I’m a biracial female raised by a white mother and a black father. Both parents did everything to give me opportunity in life. I went to a predominately white private school where I received an education that has opened doors for me to succeed. I have never known a time in life where I was not in the minority. And it is single-handedly the greatest gift my parents could have given me. I’m not a product of having been marginalized. Yes, I am a woman and a woman of color. But because I was fortunate to have grown up in a family and community that was able to take care of its people, I’m a product of opportunity. I won’t pretend to understand what it means to be marginalized every day of my life, having no resources or a strong willing community to turn to. I did and have experienced occasions of marginalization in the form of racism and gender bias. Three of those times were in middle and high school when a child is still deciding who she is. But I wasn't defined by those experiences because I went home to a family who was paying attention. We talked about racism. We talked about how to handle being different. When you're born into a family that doesn't look like you, you start asking questions at a young age.
I married an above average successful white man who can’t for the life of him understand how and why racism still exists, but would never claim that it doesn’t. Just this year he had to speak to a coworker about racist remarks that were made right in front of him. He would tell you he has never experienced racism. He is just now beginning to comprehend his own privilege. But he knows that you don’t have to experience marginalization, in order to know right from wrong. He knows that as a upper class, white man from Kentucky his voice matters. And he wants me to tell you whatever your skin color, and wherever you are from; yours does too.
He decided to love me in high school when he could have thought it was too much of a risk or too uncomfortable. He could have been worried about what his parents and grandparents might’ve thought, but he knew early on that his choice was love over fear.
We pray about raising a family where our children of color have the same opportunities that both of us did, children that don’t see skin color as a means to division or segregation. We are not born racist. All evil is learned; therefore, the hope is that it can also be unlearned. We want our children to pay attention. We want them to walk into the lunchroom and identify the kid sitting alone. And the--this is where it is important--we do not want our child to just identify the lonely kid and go about his business. We want our child to GO AND MAKE THAT CHILD FEEL LESS LONELY.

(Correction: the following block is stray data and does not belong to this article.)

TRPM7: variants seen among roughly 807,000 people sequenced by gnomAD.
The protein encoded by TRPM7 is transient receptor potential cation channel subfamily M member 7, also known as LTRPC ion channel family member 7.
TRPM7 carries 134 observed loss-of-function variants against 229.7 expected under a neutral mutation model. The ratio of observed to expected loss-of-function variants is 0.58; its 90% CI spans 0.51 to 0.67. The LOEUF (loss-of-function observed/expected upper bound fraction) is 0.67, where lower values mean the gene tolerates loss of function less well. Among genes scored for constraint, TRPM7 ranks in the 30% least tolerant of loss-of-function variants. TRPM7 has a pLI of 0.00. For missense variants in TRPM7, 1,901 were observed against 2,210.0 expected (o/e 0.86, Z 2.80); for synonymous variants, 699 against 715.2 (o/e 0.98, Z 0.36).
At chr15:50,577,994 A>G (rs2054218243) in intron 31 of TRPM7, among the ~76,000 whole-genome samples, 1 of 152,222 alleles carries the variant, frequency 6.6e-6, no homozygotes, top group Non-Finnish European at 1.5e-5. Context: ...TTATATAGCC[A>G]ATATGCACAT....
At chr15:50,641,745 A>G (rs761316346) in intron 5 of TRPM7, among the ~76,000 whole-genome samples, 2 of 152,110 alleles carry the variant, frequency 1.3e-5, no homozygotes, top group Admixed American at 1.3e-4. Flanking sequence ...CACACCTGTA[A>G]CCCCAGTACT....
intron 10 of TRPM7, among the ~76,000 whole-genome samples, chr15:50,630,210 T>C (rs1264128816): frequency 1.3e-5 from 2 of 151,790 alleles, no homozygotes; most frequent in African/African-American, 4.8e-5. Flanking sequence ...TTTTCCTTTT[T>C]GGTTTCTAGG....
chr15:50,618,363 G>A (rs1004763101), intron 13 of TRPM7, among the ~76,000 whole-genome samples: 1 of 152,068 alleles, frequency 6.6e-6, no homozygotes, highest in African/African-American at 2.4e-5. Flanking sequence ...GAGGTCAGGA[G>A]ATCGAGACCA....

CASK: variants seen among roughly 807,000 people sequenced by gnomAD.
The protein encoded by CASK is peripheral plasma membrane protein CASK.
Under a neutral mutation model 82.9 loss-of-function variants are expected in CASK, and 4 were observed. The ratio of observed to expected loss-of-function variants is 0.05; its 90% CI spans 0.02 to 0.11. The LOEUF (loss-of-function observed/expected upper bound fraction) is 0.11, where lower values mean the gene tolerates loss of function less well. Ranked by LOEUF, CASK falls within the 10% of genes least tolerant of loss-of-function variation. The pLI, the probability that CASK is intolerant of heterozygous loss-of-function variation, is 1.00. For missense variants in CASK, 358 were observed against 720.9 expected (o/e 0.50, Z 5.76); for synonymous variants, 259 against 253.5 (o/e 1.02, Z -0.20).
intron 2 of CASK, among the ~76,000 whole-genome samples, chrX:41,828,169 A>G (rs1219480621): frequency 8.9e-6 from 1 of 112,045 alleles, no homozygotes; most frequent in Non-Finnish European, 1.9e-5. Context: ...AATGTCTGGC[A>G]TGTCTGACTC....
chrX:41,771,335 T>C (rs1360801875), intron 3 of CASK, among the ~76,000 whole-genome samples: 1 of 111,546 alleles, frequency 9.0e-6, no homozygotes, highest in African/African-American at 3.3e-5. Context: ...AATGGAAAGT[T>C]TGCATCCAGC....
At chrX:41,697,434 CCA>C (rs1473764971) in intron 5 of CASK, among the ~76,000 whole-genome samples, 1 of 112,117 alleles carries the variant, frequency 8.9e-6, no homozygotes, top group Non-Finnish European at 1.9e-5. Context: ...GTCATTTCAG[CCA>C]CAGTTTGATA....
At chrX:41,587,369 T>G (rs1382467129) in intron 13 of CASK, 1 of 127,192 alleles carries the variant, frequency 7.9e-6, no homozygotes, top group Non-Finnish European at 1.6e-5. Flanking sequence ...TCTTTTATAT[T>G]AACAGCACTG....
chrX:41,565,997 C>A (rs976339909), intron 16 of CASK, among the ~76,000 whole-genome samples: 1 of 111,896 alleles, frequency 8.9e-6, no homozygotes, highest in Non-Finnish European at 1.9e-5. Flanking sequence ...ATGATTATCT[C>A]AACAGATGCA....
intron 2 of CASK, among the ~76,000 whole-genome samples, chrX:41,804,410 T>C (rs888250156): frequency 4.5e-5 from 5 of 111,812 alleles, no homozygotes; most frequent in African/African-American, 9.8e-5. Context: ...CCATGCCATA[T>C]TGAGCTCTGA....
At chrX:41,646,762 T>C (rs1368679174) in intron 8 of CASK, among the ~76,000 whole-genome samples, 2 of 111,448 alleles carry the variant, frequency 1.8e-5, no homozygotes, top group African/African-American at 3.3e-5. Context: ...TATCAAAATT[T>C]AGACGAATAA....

That is the kind of child we want to raise. We have thought long and hard about this. To us, there are only two options: To be kind and brave or not to be. Therefore, identifying the marginalized and the lonely and the poor and the weak is not enough. And if it's not enough in the lunchroom for children, it is not enough anywhere else as an adult.
It’s a part of the problem and it’s not kind or brave to just be spectators of the lonely. To thoughtfully wish marginalized people well or to feel bad for them and do nothing about it is being apart of the problem. Pity is not a solution.
The action doesn’t have to be grandiose. It doesn’t have to call for attention. It doesn’t need to be posted about on Twitter. We don’t wish for our child to announce to the lunchroom that he is doing a kind act. But only to go ask the lonely kid if it would be okay if they had lunch together.
That’s it. That’s all we want for our children. To be kind and to be brave in the midst of fear. Always.
I can remember being the girl who identified the lonely in the lunchroom. I saw them, I had pity, and I sat with my friends most days. That was not kind and that was not brave. I wasn’t a bully, but I was also not a friend. And I lived a very long time believing that was okay.
To react blindly to what has happened in Charlottesville because you are unaffected is to join the side of fear. We cannot sit on our couches and be consumers of evil while also pretending it does affect us. The only kind and brave thing to do is to identify the lonely and get closer to them. That’s the definition of shaky knees and doing it anyways. That is choosing love over fear. And that is what you'd want any child to do for yours, if you knew they were sitting alone in the lunchroom. You would just want one kid to see yours and say, “ Hey, I see you. Can we eat together”?